By now, Erika Harold — the main challenger to incumbent Rodney Davis in the 13th Congressional District’s Republican primary — has receded from the public eye. Harold, an Urbana native and attorney at the Meyer Capel law firm in Champaign, lost the Republican primary election: she snagged about 40% of the vote in comparison to Davis’s 55%. But in the months leading up to the primary, Harold’s campaign caused quite a stir.
She’s not your typical political candidate: her law degree is from Harvard, but she also has been part of the beauty pageant world and was crowned Miss America in 2003. And if she had won the primary and the general elections, she would have made history by being the first female African-American Republican member of Congress.
Last year, Harold’s campaign shook up the GOP when Jim Allen, a former Illinois GOP official, resigned over a number of offensive comments he made about her in an email. Allen referred to Harold as both “the love child of the DNC” and “a street walker,” suggesting that her campaign was masterminded by Democrats — not Republicans — in order to put pressure on Representative Davis in the primary. But meanwhile, her unusual resume and personal story earned her attention on the national stage: she appeared on Greta Van Susteren’s Fox News show and earned praise from The Daily Beast and The Weekly Standard.
Throughout the primary, Harold stayed focused on core Republican concerns despite the fact that most local party officials backed Davis. Her platform was based on “defending the vision of our forefathers” by respecting the constitution, promoting agricultural interests and economic growth through low regulation and low taxes for individuals and businesses, and “respecting human dignity” through pro-life policies and abstinence-only education. Her political message was on view at a number of local parades in our district, including the Parade of Lights in Champaign, in the form of a massive, trumpeting elephant alongside a sign reading, “Help America, Vote for Erika.”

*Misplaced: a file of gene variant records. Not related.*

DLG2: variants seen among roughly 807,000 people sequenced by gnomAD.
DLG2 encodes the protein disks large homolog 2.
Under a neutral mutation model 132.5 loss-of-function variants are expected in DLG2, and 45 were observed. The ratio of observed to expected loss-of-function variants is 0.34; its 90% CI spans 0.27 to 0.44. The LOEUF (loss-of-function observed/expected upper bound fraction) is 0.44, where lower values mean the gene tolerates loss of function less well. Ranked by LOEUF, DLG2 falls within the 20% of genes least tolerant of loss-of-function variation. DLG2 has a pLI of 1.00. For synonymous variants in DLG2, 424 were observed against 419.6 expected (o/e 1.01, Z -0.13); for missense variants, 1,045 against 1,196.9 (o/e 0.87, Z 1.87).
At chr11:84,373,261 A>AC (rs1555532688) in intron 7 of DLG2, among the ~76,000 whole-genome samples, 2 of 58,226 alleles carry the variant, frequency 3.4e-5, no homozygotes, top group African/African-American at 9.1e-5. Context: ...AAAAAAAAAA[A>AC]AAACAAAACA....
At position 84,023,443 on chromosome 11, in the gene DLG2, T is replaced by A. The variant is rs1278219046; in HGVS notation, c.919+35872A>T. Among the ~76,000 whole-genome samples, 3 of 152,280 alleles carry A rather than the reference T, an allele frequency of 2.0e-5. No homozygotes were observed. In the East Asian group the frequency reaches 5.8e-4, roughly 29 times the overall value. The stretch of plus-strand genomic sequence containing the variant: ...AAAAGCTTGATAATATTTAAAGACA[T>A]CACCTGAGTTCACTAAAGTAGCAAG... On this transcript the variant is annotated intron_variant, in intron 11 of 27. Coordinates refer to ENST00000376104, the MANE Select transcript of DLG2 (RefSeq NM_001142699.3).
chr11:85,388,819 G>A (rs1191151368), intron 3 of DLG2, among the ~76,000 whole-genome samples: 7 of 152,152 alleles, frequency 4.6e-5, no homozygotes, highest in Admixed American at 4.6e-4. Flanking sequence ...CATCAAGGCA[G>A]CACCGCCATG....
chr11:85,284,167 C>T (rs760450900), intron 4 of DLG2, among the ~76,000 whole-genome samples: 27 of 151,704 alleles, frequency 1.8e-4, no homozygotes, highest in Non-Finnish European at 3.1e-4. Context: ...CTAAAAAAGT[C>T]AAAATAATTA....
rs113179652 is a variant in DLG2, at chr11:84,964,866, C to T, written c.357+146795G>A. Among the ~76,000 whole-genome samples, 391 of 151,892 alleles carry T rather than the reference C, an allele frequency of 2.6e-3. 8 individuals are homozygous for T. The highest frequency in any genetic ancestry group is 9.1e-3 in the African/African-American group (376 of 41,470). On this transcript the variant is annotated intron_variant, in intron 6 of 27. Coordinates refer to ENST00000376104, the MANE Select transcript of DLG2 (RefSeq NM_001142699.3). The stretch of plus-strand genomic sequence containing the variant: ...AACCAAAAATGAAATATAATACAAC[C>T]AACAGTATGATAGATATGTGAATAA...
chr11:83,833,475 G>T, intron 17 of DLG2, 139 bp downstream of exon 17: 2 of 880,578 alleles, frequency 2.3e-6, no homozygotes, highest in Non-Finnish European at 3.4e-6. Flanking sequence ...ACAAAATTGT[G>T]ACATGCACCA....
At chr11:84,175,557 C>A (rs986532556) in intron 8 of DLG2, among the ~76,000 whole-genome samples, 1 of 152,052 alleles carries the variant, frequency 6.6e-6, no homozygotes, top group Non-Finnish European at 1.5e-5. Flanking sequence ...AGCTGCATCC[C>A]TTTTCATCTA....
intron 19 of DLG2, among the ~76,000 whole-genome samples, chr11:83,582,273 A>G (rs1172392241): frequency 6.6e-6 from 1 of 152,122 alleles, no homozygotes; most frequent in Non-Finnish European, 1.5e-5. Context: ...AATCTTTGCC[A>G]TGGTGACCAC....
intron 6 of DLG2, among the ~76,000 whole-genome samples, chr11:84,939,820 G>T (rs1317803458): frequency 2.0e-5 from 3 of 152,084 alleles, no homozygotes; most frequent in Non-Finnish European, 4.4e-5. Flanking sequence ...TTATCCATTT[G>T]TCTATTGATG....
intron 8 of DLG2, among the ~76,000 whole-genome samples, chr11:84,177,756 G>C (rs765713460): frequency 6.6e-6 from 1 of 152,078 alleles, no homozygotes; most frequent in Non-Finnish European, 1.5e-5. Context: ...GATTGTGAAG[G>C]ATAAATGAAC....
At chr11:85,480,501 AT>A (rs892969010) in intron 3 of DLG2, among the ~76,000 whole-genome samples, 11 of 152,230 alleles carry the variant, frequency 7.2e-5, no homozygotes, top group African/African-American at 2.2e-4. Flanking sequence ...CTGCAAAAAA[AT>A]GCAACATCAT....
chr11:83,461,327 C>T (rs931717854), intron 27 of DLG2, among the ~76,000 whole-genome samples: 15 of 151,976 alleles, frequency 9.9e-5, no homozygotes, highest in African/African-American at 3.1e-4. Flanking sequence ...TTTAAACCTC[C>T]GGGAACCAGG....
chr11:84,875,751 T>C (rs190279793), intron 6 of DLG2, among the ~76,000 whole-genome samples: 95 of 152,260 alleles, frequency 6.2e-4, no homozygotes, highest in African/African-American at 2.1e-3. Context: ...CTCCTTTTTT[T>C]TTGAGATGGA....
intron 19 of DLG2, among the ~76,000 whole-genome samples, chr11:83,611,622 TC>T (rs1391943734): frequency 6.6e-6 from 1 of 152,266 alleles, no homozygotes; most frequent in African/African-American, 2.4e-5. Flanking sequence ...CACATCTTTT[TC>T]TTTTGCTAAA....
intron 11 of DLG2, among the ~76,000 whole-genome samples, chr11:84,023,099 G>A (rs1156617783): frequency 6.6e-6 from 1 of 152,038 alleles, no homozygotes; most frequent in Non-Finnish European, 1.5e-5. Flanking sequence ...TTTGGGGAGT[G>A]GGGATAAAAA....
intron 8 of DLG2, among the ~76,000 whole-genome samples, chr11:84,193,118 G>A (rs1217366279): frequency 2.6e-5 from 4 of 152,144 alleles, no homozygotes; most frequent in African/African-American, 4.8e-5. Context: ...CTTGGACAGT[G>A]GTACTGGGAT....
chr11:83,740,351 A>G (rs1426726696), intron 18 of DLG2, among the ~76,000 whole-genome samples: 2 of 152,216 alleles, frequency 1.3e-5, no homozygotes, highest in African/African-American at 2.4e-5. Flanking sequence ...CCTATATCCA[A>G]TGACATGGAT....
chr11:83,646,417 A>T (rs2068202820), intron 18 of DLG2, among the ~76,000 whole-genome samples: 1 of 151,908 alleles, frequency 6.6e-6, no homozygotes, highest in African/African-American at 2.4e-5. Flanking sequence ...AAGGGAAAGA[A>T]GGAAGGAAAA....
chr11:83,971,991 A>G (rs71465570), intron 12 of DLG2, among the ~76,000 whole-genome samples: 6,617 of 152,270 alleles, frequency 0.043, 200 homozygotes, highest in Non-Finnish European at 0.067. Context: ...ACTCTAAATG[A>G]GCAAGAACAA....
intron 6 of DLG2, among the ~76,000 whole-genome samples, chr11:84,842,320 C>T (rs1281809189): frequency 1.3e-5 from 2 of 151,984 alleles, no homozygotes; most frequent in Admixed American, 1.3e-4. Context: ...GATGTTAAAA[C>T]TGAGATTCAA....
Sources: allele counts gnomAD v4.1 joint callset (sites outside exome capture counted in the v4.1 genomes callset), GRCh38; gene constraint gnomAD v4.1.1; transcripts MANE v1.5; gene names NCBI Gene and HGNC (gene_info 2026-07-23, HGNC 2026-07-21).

I had the chance to exchange some emails with Harold in the weeks leading up to the primary election. Here’s what I learned about her from our exchanges.
Smile Politely: Could you share a specific memory of growing up in our community, Champaign-Urbana, that informs your political views?
Erika Harold: While I was a student at the University of Illinois, I had the privilege of taking an Economics course under the legendary Professor Fred Gottheil. His discussions of economic incentives and free markets contributed to my views on taxation and regulation.
SP: What are your favorite businesses or public spaces in C-U, and why?
Harold: Art Mart is one of my favorite businesses because it has such an eclectic and whimsical assortment of jewelry, cards and home accessories. I also enjoy running through Meadowbrook Park and seeing the sculptures contained within the Wandell Sculpture Garden.
SP: How has the experience of being a former Miss America helped or hindered your current campaign?
Harold: Serving as Miss America and having the experiences of traveling approximately 20,000 miles a month, delivering several speeches a day, being interviewed by national media, and mobilizing leaders around community service initiatives helped prepare me for the rigors of a Congressional campaign and taught me how to maintain a sense of perspective while on the campaign trail.